Transcribed from A Standard History of Kansas and Kansans, written and compiled by William E. Connelley, Secretary of the Kansas State Historical Society, Topeka. Chicago: Lewis Publishing Company, copyright 1918


Wylie White Cook

WYLIE WHITE COOK. During a period of more than thirty years, Hon. Wylie White Cook has been almost constantly before the people of Kansas as the incumbent of public positions, and that he still retains in marked degree the confidence and respect of Kansans is evidence of his worth, fidelity and integrity, for the duties of the various offices which he has held have in nearly every case directly affected the welfare of the community. In Mr. Cook's case it has almost invariably been a case of the office seeking the man, for with but one exception in his long career his election or appointment has come to him without solicitation on his part, a fact which makes his record all the more remarkable. Mr. Cook, who has been a resident of Kansas since July 1, 1881, and is now living at Topeka, was one of three children of Levi and Margaret (White) Cook, and was born at Noblesville, Hamilton County, Indiana, July 1, 1859.

The family of which Mr. Cook is a member originated in Scotland, from which country the progenitors came to America in 1640. On the journey to this country, the father died and was buried at sea, and the mother, with several children, established the family in the East, from whence it scattered to Pennsylvania and North Carolina. It is from the latter branch that Wylie W. Cook is descended. His grandfather, Isaac Cook, was born, reared and married in North Carolina, and although of good old Quaker stock and a disbeliever in war was a member of a patrol regiment in the American army during the War of 1812. In 1826, Isaac Cook struck out for the untamed West, his children riding in the wagon, while he and his wife walked the entire distance to Indiana. Long before they had reached the Western Reserve they found the country sparsely settled, and as they came further and further toward the setting sun they were more and more frequently harassed by Indians and endangered by wild beasts. However, they eventually reached their new home in Henry County, Indiana, where they built a rude log cabin in the wilderness, cleared a farm after years of hard labor, and rounded out lives of usefulness which were characterized by honest labor and helpfulness to their neighbors that won them the respect and esteem of their community.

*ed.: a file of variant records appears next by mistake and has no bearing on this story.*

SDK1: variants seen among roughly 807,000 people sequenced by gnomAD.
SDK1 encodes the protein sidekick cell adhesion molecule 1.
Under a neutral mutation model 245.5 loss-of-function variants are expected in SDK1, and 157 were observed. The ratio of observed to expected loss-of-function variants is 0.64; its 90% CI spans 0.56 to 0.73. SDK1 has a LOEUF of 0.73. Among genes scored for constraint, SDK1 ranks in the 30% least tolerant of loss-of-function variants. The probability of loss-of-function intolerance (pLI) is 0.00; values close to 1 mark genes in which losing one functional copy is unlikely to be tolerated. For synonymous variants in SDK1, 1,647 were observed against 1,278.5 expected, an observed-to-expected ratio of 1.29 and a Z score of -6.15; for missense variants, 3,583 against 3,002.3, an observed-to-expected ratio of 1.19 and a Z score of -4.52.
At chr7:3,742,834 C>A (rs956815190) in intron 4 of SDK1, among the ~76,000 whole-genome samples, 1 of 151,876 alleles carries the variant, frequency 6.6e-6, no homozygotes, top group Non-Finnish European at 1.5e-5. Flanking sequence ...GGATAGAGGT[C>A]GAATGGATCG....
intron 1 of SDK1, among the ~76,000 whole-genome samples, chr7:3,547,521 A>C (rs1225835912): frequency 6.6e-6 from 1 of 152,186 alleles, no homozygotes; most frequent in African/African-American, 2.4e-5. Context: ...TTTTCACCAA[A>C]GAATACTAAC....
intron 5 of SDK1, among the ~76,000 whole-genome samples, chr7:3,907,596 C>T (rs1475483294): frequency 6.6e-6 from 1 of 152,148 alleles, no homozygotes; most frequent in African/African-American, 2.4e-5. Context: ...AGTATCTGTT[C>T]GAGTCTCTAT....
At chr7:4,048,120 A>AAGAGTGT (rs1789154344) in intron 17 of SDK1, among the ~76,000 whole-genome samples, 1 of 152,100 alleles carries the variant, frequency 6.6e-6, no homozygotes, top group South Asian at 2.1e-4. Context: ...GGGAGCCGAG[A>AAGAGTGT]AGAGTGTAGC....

Levi Cook, father of Wylie W. Cook, was born in 1832, in Henry County, Indiana, six years after his parents' arrival. Although other settlers had commenced to arrive, the country was still wild and unpromising, and his boyhood was passed in helping his father to put the land in readiness for planting. His education was limited to attendance at the district schools, the primitive ones of his day, but in after years he became a man of broad general information, and of prominence in his community. For a number of years he served as county commissioner by popular vote of the people, was county assessor for a long period, and also acted as justice of the peace for many years. His home was at Noblesville, the county seat of Hamilton County, and there his death occurred. Mr. Cook was highly respected in his community as a man of sterling qualities and strength of character, a devout Christian, and an active worker in the movements founded by the Methodist Church.